The Stars and Bars and the red swastika banner are both offerings to the same barbaric god.

                  by amyzex on Mon Feb 24, 2014 at 02:49:16 PM PST

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                •  Austerity doctrine has been fairly well refuted. (4+ / 0-)

                  Refuted by the experience of so many Eurozone countries where it has been imposed. Austerity chokes growth, which causes job losses & declining standards of living, & leads to even greater defecits. That growth has finally, finally returned to these countries - from a much lower base after so much imposed suffering - hardly vindicates the austerity programme. What's it been - 6 years or so - since the start of the financial crisis? And one has the audacity to claim that austerity "works"?

                  And no, the UK would not have gone into default. The UK, unlike Greece, can print its own money & borrow in its own currency.

                  •  Oh dear (0+ / 0-)

                    In order to back up the currency it is necessary to do two things. The first is to ensure that there are enough fungable assets to cover immediate liabilities (ie gold or foreign currency reserves). The UK government was broke - the outgoing Chief Financial Secretary (no 2 to the Chancellor) famously left a note for his successor saying there was no money left!

                    If your economy is in the sort of state it was in the UK in May 2010, you have the choice of fiscal austerity with a long term plan, devaluation by the markets or default on government debts. Argentina is quoted as the poster boy of default - no wonder since it appears to do so every few years and has just done so again. What that does is put your borrowing costs up. Borrowing is essential for the smooth running of an administration to cover periods when your tax income does not meet what you might call "entitlements" but also include the salaries of public employees.  If your currency is devalued you reduce the living standards of the country as a whole - which is not quite how Estonia handled its crisis. They performed an "internal devaluation" by directly reducing wage rates while retaining the same exchange rate with the Euro - which they have now joined.  

                    As I said, UK borrowing is as high as Greece but is more manageable precisely because the markets have confidence in the government's ability to take action. Greece, and to a large extent Spain and Italy, have real problems in collecting taxes combined with situations where they have a vastly inflated public administration which gets 13 month's salary a year. The very fact that they have been unable to implement austerity measures meant that further pain is inevitable.

                    On the other hand in the UK despite the austerity measures,  state pensions have risen by more than inflation, other benefits have risen in line with the RPI, spending on the NHS as remained the same, the UK has met its UN obligation to give 0.7% of GNI as foreign development aid, schools get over £1000 per pupil from poor families to improve their education, millions have been take out of paying income tax by increases in the tax starting point which also gave £700 to those on basic rate tax; the voluntary school starting age (ie before compulsory education at 5) has been reduced and from this September all children in infants schools (5-7) will get a free nutritious school lunch.  On the other hand there have been big reductions in expenditure on the armed forces - something apparently Obama has realized works!

                    Yes, a fairly mild austerity program DOES work. It would have worked in Greece but for their government being unable to take the necessary action which means things are that bad. The Greek tragedy is that its those very pols who have been ripping off the country for decades.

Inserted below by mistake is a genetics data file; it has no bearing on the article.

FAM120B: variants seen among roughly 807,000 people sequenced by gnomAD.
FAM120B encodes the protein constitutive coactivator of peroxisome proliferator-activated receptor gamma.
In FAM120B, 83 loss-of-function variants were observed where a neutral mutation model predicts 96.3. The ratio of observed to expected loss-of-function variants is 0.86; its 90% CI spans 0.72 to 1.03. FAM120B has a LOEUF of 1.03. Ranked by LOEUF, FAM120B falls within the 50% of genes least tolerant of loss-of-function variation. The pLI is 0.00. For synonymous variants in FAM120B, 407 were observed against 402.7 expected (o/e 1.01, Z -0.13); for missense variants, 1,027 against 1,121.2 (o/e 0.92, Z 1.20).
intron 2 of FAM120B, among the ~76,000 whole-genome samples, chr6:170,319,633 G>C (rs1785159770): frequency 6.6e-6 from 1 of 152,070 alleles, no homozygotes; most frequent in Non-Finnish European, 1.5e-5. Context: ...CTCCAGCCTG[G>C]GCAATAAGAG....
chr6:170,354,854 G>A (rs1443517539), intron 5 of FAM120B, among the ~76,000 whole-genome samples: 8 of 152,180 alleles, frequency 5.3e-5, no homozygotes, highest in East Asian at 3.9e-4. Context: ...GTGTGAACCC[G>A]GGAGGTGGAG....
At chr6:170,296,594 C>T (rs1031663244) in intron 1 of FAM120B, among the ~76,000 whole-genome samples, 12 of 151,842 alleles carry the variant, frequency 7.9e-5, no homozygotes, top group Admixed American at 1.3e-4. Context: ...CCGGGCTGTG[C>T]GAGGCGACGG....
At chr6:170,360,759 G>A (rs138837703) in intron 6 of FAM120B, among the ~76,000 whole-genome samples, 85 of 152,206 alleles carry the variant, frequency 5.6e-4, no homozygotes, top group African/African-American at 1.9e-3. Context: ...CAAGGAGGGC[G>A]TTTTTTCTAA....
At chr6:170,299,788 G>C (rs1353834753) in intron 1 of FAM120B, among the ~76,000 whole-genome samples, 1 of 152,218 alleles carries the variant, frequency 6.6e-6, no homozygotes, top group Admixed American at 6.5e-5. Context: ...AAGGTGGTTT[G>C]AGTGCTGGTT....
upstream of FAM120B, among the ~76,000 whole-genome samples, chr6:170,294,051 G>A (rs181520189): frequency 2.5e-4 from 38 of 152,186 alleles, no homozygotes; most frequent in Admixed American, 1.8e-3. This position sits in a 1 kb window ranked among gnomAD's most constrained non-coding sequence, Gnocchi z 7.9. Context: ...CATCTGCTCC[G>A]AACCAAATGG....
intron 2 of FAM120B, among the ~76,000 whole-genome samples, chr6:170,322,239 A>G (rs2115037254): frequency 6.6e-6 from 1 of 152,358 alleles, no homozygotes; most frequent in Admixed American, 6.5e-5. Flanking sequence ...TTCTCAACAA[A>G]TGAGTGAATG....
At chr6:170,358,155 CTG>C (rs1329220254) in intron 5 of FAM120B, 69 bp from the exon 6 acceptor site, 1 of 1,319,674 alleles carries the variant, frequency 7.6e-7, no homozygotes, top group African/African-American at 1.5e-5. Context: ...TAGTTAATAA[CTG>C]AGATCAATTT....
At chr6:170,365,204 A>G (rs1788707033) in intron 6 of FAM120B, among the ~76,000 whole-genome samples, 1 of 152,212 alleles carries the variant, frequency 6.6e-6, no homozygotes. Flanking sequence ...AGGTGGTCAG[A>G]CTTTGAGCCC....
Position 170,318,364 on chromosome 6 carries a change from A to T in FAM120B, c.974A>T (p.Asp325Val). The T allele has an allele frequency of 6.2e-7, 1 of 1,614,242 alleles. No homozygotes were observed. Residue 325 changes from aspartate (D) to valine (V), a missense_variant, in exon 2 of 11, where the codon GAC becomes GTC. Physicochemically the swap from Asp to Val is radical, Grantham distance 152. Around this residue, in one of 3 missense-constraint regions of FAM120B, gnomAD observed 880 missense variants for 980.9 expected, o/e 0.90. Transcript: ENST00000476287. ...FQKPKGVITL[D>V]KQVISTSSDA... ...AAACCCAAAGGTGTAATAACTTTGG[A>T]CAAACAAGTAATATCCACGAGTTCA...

Unfortunately for many, the model produced by Keynes has several problems. Not the least of which is it assumes a sort of "closed cycle" which does not take into account, for example, the offshoring of the production stimulated by increases in the money supply. That's where the model fell down for the USA well before the Chicago School came up with their brand of neo-monetarism or indeed the introduction of "New Keynesianism".    

                    Whatever, the experience of Greece is not going to be replicated in Ukraine. Probably the only political figure widely known outside the country who stands a chance of becoming President in the new elections is Vitali Klitschko. He has a strong anti-corruption policy and the political capital as one of the "leaders" of the Maidan movement which would appear to chime with the Ukrainian people. Their determination to face west and the experience of the past week will likely give him the ability to take the necessary measures to push forward the requirements of the Association Agreement - again something few actually know about.

                    "Come to Sochi, visit the gay clubs and play with the bears" - NOT a Russian advertising slogan.

                    by Lib Dem FoP on Mon Feb 24, 2014 at 05:57:45 PM PST

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                    •  "Lib" must stand for "libertarian". (1+ / 0-)
                      Recommended by:

                      I swear, I'd never expected to get a hard-money Paulite lecture on DKos! Austerity, like conservatism in general, can never fail; it can only BE failed. Geez.

                      For the record, austerity has proven to be an unmitigated disaster in the economic crises of the last few years, just about everywhere it has been imposed. Austerity programs have caused, as a direct consequence, depression levels of unemployment in Spain, Portugal, Greece & Ireland. Austerity policies led to a double-dip recession in the UK. The Tea Party-imposed budget cuts in the U.S. have hamstrung our own economic recovery & kept unemployment unnecessarily high.

                      But to the austerians, this is a good thing, rather like a purgative or shock therapy - to let "weak" or "uncompetitive" enterprises fail & let the strong thrive & then the benefits trickle down to everyone. Suffer, the Ukrainians will be sternly admonished, & emerge stronger tomorrow.

          •  I doubt the fascists will be excluded (3+ / 0-)
            Recommended by:
            Richard Lyon, Lepanto, limpidglass

            They are perceived as the leaders of the street right now.

            The Stars and Bars and the red swastika banner are both offerings to the same barbaric god.

            by amyzex on Mon Feb 24, 2014 at 01:39:41 PM PST